THE TALAVAKARA UPANISHAD
THE TEACHING OF BRAHMAN
CHAPTER FIRST (1)
The Master was asked by the pupil to tell at whose wish the
mind of man, when sent forth for any act, proceeds on its errand,
by whose command the first breath goeth forth, and at whose wish
the mind of man, when sent forth for any act, proceeds on its
errand, by whose command the first breath goeth forth, and at
whose wish do men utter speech. He was also asked to tell what
intelligent power directs the eye or the ear in the performance
of natural functions.
The reply given by the Master, thus approached by the pupil,
was that in respect to the ear, the brain, the speech of man,
the breathing, and the eye, the other organs are of themselves
wholly unable to act, but are the means whereby the real, but
unseen, inner organs of sight, speech, hearing, seeing, and breathing
obtain touch with nature, make themselves manifested, and become
able to cognize outside objects.
The perfectly trained man, one fully grounded in philosophy,
who has gained control of these organs both within and without,
and who can locate his consciousness in the inner being, becomes
really immortal when death releases him from the connection with
the body. but the ordinary man, by reason of his being fully
entrapped and deluded by the outer senses which are always intimately
connected with the inner ones, is compelled after death to go
into the Devachanic state and to return again to earthly life
where he takes up a fresh set of material organs and sense connections.
But there is another sort of consciousness which cannot be
expounded to one who has not himself gained an experience of
it. It is beyond description in words used on this plane. For
it is different from the known, above what we suppose to be the
unknown, and not that which people here adore as their highest
conception of being.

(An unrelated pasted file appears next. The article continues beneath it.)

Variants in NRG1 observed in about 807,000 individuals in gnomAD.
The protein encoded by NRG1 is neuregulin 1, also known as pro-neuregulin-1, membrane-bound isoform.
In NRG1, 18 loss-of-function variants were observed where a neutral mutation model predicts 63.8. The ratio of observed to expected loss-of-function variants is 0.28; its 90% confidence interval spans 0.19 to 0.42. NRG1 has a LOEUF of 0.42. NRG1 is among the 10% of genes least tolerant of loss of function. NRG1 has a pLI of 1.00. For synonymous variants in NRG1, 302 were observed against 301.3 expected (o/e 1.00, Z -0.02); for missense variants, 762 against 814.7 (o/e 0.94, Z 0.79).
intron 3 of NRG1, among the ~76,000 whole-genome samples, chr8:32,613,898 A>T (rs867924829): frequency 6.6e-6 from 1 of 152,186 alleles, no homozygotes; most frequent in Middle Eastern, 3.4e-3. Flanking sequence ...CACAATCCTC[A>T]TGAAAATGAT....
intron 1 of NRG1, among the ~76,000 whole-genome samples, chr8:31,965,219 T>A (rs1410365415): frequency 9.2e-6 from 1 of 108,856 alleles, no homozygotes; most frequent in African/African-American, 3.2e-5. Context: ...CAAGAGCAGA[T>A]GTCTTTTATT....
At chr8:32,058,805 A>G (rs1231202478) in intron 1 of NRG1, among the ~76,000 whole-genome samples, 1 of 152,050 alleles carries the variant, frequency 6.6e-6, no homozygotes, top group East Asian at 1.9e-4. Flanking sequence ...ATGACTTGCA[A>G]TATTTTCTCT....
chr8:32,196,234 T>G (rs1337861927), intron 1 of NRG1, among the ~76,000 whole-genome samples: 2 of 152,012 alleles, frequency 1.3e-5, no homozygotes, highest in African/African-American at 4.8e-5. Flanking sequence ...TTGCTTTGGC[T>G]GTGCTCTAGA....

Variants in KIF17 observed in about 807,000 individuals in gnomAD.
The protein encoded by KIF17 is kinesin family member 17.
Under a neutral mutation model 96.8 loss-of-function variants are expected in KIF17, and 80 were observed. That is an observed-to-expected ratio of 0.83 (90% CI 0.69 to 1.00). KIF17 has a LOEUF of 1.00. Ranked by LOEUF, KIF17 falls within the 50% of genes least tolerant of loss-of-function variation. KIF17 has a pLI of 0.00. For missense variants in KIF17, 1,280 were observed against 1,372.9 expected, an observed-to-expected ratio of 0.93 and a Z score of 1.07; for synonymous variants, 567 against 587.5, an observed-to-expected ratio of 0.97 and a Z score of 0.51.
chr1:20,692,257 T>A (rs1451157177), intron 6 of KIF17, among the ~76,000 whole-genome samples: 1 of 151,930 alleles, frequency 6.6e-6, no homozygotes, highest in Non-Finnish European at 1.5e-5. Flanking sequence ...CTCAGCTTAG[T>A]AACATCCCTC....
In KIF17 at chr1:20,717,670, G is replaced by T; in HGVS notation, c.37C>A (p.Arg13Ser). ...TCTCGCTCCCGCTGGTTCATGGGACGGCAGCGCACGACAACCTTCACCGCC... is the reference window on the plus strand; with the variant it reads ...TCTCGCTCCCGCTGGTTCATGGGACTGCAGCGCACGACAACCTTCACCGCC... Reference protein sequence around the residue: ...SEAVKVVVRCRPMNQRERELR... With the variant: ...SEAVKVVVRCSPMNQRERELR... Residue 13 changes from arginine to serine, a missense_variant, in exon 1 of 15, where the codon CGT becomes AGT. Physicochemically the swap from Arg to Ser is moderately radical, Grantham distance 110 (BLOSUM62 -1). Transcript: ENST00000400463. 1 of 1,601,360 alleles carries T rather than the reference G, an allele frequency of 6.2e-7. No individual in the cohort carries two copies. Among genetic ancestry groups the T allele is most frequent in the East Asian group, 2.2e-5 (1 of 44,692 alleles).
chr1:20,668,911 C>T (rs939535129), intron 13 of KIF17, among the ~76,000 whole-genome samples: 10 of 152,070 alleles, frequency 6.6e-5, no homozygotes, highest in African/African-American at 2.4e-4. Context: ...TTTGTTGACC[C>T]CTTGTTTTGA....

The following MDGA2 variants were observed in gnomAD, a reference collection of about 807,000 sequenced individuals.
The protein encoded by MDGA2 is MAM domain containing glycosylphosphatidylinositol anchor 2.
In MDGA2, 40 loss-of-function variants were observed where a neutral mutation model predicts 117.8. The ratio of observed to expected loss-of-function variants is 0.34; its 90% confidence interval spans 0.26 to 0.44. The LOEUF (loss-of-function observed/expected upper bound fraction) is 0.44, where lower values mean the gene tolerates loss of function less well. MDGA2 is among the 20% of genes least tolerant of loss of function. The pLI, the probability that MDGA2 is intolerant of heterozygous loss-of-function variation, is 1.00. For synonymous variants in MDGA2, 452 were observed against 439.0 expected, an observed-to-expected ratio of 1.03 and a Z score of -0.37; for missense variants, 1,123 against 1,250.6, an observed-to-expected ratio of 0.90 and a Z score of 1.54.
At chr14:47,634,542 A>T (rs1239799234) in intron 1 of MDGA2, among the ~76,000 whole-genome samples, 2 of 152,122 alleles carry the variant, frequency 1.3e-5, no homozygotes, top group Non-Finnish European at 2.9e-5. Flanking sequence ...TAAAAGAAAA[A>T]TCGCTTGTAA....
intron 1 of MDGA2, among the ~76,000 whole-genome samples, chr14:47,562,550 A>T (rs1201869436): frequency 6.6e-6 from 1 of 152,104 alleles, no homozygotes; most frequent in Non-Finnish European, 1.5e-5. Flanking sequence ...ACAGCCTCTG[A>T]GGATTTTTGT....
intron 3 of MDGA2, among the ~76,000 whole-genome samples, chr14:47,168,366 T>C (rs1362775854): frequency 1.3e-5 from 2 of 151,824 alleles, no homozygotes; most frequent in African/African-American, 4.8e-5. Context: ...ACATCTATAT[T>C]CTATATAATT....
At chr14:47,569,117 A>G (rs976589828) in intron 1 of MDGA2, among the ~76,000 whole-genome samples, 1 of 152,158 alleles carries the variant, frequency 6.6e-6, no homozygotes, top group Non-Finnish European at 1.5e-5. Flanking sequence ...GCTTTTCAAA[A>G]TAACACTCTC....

Know, therefore, that the basis for the operations of the
mind, of the senses, of the organs is Brahman alone. Without
that we could neither taste, smell, hear, see, nor think.
Then to the pupil the Master said, so as to impress it on
his mind, "If thou thickest I know the form of Brahman well,
thou are not wise; but perhaps thou newest it thyself, if so
then tell me."
To this the pupil replied that we cannot know or describe
Brahman, the substratum of all, in the ordinary manner by connecting
him with some things already known to us, but at the same time
we are not able to say that we do not know him. We feel the actuality
of Brahman, but cannot enter into a description of it as we would
of an object, by giving its known characteristics, or of a piece
of land by its metes and bounds, its quality and its vegetation.
The knowing of it at last, its full realization, is a species
of awakening out of the present state, and then the knowledge
bursts upon us. By the real Self we gain and keep strength in
the interior nature, and by knowledge we become able to destroy
the bonds of material reincarnation, thus attaining conscious
immortality. And by knowing this, one has discovered the true
aim of life. If this is not understood while a man is existing
here on earth in a body, then he will be compelled to reincarnate
until he does comprehend it. But the wise, who have directed
their thoughts to all things, and have at last come to recognize
the real Self within themselves, are possessors of conscious
immortality and pass unfettered out of this life never to return.
The elemental spirits of all grades that work in nature on
every plane, in air, water, earth, and fire in all their correlations
and combinations, were evolved from lower and less conscious
states through aeons of effort by the highest mind. This was